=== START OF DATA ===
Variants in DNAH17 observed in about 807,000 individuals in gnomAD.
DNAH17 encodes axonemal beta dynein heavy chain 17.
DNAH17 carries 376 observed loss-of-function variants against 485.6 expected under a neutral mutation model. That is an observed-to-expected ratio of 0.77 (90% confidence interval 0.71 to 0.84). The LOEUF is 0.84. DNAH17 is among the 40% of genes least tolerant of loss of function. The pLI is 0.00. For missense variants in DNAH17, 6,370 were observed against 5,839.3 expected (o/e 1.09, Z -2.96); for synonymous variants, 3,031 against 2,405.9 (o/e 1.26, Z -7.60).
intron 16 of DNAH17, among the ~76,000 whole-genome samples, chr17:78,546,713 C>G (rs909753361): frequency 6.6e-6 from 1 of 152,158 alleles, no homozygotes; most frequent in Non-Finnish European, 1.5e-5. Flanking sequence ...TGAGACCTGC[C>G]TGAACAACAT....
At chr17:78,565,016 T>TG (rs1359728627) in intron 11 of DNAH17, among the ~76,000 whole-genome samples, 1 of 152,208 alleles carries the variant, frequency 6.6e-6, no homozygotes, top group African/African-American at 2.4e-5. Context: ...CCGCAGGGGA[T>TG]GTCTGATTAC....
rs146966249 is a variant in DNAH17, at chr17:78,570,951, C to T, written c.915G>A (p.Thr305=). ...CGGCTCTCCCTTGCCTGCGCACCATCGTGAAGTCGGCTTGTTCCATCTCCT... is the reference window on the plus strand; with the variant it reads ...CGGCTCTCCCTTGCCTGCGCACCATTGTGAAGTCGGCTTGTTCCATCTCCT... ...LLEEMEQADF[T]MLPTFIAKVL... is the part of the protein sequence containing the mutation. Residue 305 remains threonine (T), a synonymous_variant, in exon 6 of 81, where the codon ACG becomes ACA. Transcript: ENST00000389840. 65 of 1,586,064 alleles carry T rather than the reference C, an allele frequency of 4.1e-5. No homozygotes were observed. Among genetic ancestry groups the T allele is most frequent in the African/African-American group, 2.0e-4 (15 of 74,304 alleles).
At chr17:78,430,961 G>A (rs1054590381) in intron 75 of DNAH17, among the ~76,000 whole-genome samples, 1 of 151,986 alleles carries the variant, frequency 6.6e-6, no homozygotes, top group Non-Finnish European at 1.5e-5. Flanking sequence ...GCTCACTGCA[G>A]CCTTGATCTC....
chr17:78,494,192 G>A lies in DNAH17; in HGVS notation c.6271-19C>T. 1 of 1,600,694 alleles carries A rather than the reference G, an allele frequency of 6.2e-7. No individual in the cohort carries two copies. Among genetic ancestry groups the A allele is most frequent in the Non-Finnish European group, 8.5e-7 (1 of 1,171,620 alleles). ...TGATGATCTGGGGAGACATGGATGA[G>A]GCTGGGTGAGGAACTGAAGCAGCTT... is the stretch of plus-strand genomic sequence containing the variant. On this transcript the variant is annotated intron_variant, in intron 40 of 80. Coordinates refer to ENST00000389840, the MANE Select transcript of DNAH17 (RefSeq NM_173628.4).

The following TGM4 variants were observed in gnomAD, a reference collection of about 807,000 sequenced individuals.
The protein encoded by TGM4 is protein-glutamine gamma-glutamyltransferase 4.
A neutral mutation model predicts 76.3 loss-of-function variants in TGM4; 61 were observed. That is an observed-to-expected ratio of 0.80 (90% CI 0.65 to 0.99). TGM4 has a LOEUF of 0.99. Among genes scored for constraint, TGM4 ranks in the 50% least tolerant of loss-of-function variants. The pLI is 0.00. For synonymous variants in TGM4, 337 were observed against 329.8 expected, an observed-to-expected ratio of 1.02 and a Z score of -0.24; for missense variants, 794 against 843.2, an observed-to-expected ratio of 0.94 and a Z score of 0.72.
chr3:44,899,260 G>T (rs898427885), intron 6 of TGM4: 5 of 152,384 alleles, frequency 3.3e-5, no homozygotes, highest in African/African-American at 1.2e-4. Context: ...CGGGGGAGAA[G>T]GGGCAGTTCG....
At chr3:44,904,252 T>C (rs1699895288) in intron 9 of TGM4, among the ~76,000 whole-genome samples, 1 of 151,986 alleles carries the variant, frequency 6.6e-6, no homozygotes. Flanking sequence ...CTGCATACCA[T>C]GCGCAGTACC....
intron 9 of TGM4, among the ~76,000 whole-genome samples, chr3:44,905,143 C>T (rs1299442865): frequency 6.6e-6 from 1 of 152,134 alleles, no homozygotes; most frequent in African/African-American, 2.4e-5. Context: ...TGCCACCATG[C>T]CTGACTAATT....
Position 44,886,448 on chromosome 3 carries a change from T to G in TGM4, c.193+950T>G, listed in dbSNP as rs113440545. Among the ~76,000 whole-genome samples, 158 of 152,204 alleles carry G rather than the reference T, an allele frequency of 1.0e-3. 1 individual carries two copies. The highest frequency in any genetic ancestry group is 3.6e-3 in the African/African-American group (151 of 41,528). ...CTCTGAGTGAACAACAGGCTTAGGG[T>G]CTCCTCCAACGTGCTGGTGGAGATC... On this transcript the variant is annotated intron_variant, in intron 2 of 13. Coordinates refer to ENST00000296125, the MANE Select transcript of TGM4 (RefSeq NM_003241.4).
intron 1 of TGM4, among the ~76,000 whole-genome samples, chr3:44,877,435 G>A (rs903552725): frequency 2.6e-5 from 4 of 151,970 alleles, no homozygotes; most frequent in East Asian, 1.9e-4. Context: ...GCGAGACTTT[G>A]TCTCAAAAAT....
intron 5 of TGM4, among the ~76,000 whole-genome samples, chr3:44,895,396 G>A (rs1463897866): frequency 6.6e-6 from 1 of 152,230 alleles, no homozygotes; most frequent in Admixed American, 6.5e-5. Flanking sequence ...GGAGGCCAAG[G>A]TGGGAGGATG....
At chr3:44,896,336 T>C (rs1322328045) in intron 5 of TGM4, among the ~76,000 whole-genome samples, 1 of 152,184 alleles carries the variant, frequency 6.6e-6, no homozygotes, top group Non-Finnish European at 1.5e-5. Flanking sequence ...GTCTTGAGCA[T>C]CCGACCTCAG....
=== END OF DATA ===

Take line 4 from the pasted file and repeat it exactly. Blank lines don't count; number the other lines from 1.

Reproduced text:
intron 16 of DNAH17, among the ~76,000 whole-genome samples, chr17:78,546,713 C>G (rs909753361): frequency 6.6e-6 from 1 of 152,158 alleles, no homozygotes; most frequent in Non-Finnish European, 1.5e-5. Flanking sequence ...TGAGACCTGC[C>G]TGAACAACAT....